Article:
City’s Living Wage goals celebrated during annual Living Wage Week


On the twentieth anniversary of the Living Wage movement and during this year's annual Living Wage Week (November 15 -21), Cardiff is celebrating one of its most successful years of supporting organisations in the city to become Living Wage employers.


The Welsh capital has smashed all three key targets in a three-year plan set in 2019 when the city became only the second in the UK, and the first capital city, to achieve ‘Living Wage City' status as part of the ‘Making Living Wage Places' scheme.


A year ahead of schedule, the city has reached its target of 150 accredited Living Wage employers and surpassed the aim of increasing the total number of workers employed by Cardiff-based accredited Living Wage employers to 48,000, so that more than 61,000 people are now working for a Living Wage employer.


The target of increasing the number of workers receiving a pay rise to at least the real Living Wage to 6,500 was achieved last year and the current figure now stands at 7,900 workers.


The achievements are being celebrated to coincide with the announcement of the new "real" Living Wage - the independently-set hourly pay rate which is updated annually and calculated according to the basic cost of living in the UK. The rate aims to ensure that no-one should have to work for less than they can live on and this year, Wales's rates have been announced as £9.90 per hour, an increase on last year's rates of £9.50.



Leader of Cardiff Council and Chair of Cardiff's Living Wage City Steering Group, Cllr Huw Thomas, said: "It's been quite a remarkable year making Cardiff a Living Wage City and I'm so pleased we have achieved these three key goals already, despite the difficulties and impact of the pandemic over the past year and more.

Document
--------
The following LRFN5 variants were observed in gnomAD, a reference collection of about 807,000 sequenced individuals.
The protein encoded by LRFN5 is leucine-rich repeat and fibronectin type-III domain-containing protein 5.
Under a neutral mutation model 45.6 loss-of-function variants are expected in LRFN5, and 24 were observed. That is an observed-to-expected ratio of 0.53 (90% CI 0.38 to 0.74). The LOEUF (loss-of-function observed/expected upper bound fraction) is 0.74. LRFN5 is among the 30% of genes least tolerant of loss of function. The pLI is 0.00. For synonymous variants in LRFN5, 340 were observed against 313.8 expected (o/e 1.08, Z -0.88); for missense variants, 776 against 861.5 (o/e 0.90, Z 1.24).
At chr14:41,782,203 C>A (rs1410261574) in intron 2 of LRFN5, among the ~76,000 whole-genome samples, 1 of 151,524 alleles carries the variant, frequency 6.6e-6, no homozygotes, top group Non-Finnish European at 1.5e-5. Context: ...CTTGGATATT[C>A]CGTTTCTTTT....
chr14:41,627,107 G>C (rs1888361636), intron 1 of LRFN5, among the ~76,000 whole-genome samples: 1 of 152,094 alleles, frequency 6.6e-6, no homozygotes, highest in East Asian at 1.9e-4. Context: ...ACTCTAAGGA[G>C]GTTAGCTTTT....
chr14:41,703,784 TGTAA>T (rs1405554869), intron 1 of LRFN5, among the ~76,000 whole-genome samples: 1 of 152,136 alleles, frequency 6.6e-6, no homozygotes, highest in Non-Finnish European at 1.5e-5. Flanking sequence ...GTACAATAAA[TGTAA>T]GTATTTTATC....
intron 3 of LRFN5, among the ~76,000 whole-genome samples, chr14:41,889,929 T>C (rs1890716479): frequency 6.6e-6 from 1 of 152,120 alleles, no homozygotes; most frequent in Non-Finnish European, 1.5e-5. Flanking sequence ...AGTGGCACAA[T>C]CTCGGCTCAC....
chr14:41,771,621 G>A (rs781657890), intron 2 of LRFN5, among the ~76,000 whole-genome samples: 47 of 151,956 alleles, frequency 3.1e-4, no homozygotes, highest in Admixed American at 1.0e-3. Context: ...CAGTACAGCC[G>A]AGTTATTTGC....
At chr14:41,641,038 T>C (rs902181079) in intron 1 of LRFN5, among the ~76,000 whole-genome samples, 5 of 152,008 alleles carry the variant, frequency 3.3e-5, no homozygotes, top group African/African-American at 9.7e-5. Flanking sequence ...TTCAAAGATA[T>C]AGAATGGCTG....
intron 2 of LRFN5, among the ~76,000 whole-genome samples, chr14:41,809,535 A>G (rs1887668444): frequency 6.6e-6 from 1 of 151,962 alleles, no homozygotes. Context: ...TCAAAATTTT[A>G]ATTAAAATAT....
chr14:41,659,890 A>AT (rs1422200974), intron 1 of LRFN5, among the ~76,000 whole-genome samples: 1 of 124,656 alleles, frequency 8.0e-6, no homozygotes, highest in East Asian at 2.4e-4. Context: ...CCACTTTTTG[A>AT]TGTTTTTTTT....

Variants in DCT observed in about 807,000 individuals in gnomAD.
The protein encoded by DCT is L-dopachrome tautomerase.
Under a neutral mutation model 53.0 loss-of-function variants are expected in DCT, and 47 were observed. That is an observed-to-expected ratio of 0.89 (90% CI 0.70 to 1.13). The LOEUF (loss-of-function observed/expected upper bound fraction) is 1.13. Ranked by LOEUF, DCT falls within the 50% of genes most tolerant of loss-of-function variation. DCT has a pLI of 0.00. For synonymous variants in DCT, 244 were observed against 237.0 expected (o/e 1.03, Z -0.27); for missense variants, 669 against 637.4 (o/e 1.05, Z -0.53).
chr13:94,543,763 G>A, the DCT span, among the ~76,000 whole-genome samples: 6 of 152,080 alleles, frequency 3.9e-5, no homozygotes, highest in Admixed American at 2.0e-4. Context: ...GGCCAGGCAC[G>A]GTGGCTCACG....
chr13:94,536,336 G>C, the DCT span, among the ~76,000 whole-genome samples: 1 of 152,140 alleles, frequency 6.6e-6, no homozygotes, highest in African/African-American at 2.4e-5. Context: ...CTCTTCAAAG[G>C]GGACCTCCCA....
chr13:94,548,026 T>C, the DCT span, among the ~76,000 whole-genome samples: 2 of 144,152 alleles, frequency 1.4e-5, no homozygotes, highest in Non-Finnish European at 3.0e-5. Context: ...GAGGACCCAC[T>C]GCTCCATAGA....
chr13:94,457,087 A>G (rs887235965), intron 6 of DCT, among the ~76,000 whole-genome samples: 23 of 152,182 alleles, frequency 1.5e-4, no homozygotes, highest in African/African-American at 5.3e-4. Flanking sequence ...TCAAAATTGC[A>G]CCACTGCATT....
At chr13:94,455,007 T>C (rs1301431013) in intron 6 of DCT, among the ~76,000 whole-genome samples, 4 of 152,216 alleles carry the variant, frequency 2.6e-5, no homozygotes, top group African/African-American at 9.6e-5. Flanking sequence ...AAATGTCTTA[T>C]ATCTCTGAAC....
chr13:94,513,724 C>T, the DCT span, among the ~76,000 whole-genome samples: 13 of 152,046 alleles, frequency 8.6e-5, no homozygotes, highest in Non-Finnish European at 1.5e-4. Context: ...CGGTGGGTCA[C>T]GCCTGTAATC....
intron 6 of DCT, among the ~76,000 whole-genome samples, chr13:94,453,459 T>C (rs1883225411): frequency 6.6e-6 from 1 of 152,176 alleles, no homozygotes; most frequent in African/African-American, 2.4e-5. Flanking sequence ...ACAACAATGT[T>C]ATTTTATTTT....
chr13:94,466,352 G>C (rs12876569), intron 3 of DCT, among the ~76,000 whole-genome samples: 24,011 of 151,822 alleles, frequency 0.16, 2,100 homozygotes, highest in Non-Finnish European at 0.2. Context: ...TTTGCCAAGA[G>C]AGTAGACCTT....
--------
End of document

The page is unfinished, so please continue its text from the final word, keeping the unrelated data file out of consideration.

"In Cardiff, we now have more than 43% of the Welsh total of 345 accredited employers and it's been a real team effort from the steering group - the council and its partners, in achieving this."


The Council started paying all its staff the Living Wage in 2012 before becoming an accredited Living Wage employer in 2015. Ever since, the authority has been at the forefront of the movement, championing the Living Wage and providing support to become accredited employers to organisations, big and small, in the city.


In a challenging year for many sectors, a total of 32 new organisations have become accredited in 2021 - including one of the city's most famous landmarks - the iconic Wales Millennium Centre, as well as a number of charities and hospitality establishments.


Cabinet Member for Finance, Modernisation and Performance, Cllr Chris Weaver said: "The advantages of paying the Living Wage to staff go beyond the obvious benefits to the individual, as it can improve an organisation's reputation as well as increase staff motivation and retention.


"The successes of supporting more local businesses and organisations to become accredited has put an extra £39m in people's wage packets - that's extra money in the local economy, making the city a fairer, more equal place.


"We're keen to achieve more though and will continue flying the Living Wage flag and supporting organisations across the city on their own Living Wage journey so that even more people in the city get a fair day's pay for a fair day's work."


The Council has a Living Wage accreditation scheme which supports small local businesses to commit to pay their own employees the Living Wage by offering financial support to those who become accredited Living Wage employers.  To find out more about the scheme and the real Living Wage then please visit: